Neanderthals Made 'Jewelry' from Animal Teeth, Shells

The finding is momentous, suggesting that Neanderthals could engage in symbolic expression.

Photo: Shown are the Châtelperronian body ornaments and bone points archaeologists discovered at the Grotte du Renne in Arcy-sur-Cure, France. Credit: Marian Vanhaeren About 42,000 years ago, the Neanderthals -- the stocky cousins of modern humans -- fashioned tiny jewelry beads from animal teeth, shells and ivory, a new study finds.

The finding is momentous, as it suggests that Neanderthals could engage in symbolic expression -- the ability to make art -- before they went extinct about 30,000 years ago, the researchers said.

"We now know that some of the last Neanderthals in Europe made artifacts that we do not see in Neanderthal material culture before that time," said Frido Welker, the study's lead researcher and a doctoral student of human evolution at the Max Planck Institute for Evolutionary Anthropology in Germany. [In Photos: Neanderthal Burials Uncovered]

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The discovery is based on the artifacts and bony remains found in the Grotte du Renne cave in Arcy-sur-Cure, an area located about 125 miles (200 kilometers) southeast of Paris. After the cave was discovered in 1949, its contents were dated to about 40,000 to 50,000 years ago, a period during which modern humans were sweeping across Europe and displacing the Neanderthals, the researchers said.

At first, anthropologists credited the beads to the Neanderthals, but the prevailing view of Neanderthals was that they didn't have the brainpower to craft such items. That prompted many experts to wonder whether the excavation team had made a mistake in attributing the beads to Neanderthals, when perhaps modern humans had made the ornaments, according to

The researchers on the new study set out to answer that question once and for all.

"We wanted to know whether an archaeological culture called the Châtelperronian was made by Neanderthals or modern humans," Welker told Live Science in an email. "If they were modern humans, they would be some of the earliest modern humans on the European continent, and might have played a role in Neanderthal extinction."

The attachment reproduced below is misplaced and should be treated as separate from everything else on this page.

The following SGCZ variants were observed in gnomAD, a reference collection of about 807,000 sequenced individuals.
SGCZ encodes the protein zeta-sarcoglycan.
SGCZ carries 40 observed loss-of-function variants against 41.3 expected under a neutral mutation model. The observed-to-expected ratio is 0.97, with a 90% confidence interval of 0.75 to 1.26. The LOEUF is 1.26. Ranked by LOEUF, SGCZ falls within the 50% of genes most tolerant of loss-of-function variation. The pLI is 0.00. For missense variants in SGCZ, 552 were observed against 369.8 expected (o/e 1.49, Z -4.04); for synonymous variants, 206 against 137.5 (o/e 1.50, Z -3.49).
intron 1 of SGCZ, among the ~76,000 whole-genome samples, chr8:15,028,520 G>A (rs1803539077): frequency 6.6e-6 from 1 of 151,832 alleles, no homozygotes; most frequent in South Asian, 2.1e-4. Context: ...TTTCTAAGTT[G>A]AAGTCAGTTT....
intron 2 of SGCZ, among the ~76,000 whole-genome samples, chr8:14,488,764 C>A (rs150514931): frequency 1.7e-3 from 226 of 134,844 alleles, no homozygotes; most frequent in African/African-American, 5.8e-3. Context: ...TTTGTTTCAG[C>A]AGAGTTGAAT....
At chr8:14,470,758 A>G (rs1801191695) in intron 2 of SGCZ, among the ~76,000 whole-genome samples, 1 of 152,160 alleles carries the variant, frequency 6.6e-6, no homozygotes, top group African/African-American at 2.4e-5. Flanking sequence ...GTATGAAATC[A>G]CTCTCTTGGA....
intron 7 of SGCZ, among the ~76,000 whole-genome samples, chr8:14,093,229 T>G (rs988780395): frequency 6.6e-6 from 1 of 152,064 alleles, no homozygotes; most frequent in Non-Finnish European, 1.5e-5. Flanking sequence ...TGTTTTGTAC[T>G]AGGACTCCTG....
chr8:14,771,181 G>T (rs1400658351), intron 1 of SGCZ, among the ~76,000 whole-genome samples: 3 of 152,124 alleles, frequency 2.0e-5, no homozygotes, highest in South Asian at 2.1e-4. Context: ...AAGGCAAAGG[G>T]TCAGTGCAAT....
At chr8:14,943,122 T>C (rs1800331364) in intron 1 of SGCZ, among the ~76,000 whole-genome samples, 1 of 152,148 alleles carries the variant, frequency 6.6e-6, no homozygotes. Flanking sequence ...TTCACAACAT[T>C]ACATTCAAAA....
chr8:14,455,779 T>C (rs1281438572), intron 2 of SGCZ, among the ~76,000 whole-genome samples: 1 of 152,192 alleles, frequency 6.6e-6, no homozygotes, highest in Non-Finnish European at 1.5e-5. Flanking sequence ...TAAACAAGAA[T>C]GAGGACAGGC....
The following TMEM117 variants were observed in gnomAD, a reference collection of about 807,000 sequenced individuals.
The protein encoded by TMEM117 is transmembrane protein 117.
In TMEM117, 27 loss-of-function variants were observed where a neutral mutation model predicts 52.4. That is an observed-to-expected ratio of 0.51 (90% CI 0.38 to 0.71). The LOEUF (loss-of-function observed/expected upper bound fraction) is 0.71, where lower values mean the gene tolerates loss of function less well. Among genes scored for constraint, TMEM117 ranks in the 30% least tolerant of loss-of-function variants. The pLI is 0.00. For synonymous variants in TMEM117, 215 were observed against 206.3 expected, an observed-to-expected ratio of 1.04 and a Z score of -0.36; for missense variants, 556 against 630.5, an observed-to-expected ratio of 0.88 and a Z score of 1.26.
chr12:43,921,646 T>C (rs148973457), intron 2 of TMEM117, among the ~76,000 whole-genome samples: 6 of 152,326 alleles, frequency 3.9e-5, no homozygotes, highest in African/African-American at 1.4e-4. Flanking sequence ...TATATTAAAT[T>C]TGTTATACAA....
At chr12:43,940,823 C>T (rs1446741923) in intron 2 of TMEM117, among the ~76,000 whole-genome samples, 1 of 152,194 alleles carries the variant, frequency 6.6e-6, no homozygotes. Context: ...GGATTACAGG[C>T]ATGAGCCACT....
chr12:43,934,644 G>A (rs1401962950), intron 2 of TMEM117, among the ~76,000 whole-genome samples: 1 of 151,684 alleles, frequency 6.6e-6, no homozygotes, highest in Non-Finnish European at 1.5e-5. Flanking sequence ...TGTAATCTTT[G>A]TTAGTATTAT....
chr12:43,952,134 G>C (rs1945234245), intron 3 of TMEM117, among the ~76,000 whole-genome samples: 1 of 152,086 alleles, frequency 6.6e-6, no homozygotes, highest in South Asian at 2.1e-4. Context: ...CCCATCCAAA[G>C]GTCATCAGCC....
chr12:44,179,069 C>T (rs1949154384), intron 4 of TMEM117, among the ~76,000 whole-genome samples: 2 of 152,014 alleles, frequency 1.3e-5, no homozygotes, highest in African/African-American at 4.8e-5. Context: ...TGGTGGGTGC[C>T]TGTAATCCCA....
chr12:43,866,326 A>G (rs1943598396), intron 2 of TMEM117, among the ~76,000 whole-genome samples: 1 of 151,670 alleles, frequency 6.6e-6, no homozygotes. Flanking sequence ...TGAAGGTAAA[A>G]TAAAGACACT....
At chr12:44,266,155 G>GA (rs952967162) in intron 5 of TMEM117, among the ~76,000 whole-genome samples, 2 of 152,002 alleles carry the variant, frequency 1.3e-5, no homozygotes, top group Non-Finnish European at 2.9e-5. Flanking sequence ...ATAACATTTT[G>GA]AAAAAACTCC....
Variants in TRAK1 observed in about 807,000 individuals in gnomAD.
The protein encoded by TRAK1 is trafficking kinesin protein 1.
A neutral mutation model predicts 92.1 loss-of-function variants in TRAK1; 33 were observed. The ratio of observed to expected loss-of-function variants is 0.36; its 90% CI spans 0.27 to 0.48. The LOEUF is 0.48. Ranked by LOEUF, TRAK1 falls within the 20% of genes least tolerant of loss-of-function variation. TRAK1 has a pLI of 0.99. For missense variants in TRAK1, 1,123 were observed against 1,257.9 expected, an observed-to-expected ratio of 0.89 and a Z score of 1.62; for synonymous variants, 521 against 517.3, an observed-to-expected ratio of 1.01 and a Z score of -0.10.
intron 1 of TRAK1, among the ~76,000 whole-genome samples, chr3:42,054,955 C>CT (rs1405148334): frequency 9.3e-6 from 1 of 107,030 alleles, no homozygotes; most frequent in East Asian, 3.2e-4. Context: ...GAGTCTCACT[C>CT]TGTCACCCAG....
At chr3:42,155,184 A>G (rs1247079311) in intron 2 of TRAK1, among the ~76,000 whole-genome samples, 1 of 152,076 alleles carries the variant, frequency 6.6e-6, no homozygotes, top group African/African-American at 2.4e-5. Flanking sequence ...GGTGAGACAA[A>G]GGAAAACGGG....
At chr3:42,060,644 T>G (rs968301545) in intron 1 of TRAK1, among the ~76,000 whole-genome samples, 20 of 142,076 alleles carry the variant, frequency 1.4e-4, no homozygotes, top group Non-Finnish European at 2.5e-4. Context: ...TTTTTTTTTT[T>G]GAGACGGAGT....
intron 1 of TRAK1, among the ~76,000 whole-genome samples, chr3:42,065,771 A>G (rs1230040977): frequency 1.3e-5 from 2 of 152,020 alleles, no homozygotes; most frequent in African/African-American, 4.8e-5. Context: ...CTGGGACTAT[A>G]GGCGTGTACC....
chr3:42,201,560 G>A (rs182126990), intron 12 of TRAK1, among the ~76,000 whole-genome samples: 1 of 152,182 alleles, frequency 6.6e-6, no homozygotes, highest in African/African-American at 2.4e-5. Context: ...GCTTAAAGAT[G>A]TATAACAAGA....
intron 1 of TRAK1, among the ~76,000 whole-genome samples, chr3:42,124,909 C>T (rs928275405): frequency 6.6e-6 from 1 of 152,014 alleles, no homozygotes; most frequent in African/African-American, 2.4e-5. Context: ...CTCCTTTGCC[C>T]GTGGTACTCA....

The ancient bone fragments in the cave did not have enough preserved DNA for a thorough analysis, so the researchers turned to another identifying factor: proteins.

They used several mass-spectrometry techniques to study the proteins preserved in about 200 ancient bone specimens from the cave, Welker said. The mass-spectrometry methods were key to the experiment, he added. That's because proteins are made out of amino acids, which are joined together on a string.

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Each amino acid has a different weight, or mass. "By using mass-spectrometry, we can establish the different sequences of amino acids in our sample and compare that with existing protein databases," Welker said.

They found that, although the majority of the bone fragments belonged to horses or aurochs (wild cattle), some were clearly hominin, a group consisting of modern and extinct human species, Welker said. Moreover, the researchers identified an amino-acid sequence that was unique to Neanderthals, proving that the bones did not belong to modern humans or the Denisovans, an extinct human relative, he said. [The 10 Biggest Mysteries of the First Humans]

Results from additional testing methods, such as direct radiocarbon dating and ancient mitochondrial DNA analysis, also hinted that the bones belonged to Neanderthals, he said.

One of the proteins found in the Neanderthal bones was a type of collagen found only in growing bones. In addition, the specimen had a high proportion of a certain kind of nitrogen isotope (a variation of an element, but with a different number of neutrons) that is associated with breast-fed infants.

"We identified ancient proteins in these Neanderthal bone specimens that indicated they belong to a very young infant, probably around the age of 1 year old," Welker said.

The baby likely lived around the same time when the Neanderthals crafted the 1.2- to 2.4-inch-long (3 to 6 centimeters) beads, the researchers said. However, they added that they "don't know if they [the beads] belong to a single 'necklace' or were worn in different ways, and they were found in different areas of the Grotte du Renne," Welker said.

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"It is now up to the archaeologists to try and explain how this happened," Welker said. "Did they learn [bead making] from modern humans? We know they interacted, as there is genetic interbreeding between Neanderthals in modern humans in our DNA. Or maybe they imitated, or invented such artifacts themselves, independently?"

It's also possible that the Neanderthals got the beads from modern humans, possibly as a courtship gift, according to

The findings were published online Sept. 16 in the journal Proceedings of the National Academy of Sciences.

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